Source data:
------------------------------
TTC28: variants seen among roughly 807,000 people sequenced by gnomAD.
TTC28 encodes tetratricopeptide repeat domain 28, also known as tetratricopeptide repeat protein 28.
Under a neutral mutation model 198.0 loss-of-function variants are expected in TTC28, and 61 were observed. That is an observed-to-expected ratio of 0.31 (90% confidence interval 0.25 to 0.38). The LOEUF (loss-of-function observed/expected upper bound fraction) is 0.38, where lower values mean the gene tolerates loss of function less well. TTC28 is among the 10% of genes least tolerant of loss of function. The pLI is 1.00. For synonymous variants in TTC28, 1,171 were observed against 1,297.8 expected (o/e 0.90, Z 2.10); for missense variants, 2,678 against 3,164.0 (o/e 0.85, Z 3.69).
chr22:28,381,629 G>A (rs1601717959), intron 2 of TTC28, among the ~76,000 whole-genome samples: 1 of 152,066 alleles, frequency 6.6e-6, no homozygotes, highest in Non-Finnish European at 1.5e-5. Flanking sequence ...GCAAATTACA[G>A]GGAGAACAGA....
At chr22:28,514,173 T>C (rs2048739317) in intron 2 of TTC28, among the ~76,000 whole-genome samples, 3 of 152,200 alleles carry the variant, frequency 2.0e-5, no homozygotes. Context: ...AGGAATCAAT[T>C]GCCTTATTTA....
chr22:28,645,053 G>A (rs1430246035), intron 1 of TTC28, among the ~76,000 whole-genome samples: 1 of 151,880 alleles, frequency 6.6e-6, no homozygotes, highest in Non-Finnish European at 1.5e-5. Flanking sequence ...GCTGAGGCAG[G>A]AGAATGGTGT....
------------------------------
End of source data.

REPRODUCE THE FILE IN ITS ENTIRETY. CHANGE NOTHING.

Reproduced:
TTC28: variants seen among roughly 807,000 people sequenced by gnomAD.
TTC28 encodes tetratricopeptide repeat domain 28, also known as tetratricopeptide repeat protein 28.
Under a neutral mutation model 198.0 loss-of-function variants are expected in TTC28, and 61 were observed. That is an observed-to-expected ratio of 0.31 (90% confidence interval 0.25 to 0.38). The LOEUF (loss-of-function observed/expected upper bound fraction) is 0.38, where lower values mean the gene tolerates loss of function less well. TTC28 is among the 10% of genes least tolerant of loss of function. The pLI is 1.00. For synonymous variants in TTC28, 1,171 were observed against 1,297.8 expected (o/e 0.90, Z 2.10); for missense variants, 2,678 against 3,164.0 (o/e 0.85, Z 3.69).
chr22:28,381,629 G>A (rs1601717959), intron 2 of TTC28, among the ~76,000 whole-genome samples: 1 of 152,066 alleles, frequency 6.6e-6, no homozygotes, highest in Non-Finnish European at 1.5e-5. Flanking sequence ...GCAAATTACA[G>A]GGAGAACAGA....
At chr22:28,514,173 T>C (rs2048739317) in intron 2 of TTC28, among the ~76,000 whole-genome samples, 3 of 152,200 alleles carry the variant, frequency 2.0e-5, no homozygotes. Context: ...AGGAATCAAT[T>C]GCCTTATTTA....
chr22:28,645,053 G>A (rs1430246035), intron 1 of TTC28, among the ~76,000 whole-genome samples: 1 of 151,880 alleles, frequency 6.6e-6, no homozygotes, highest in Non-Finnish European at 1.5e-5. Flanking sequence ...GCTGAGGCAG[G>A]AGAATGGTGT....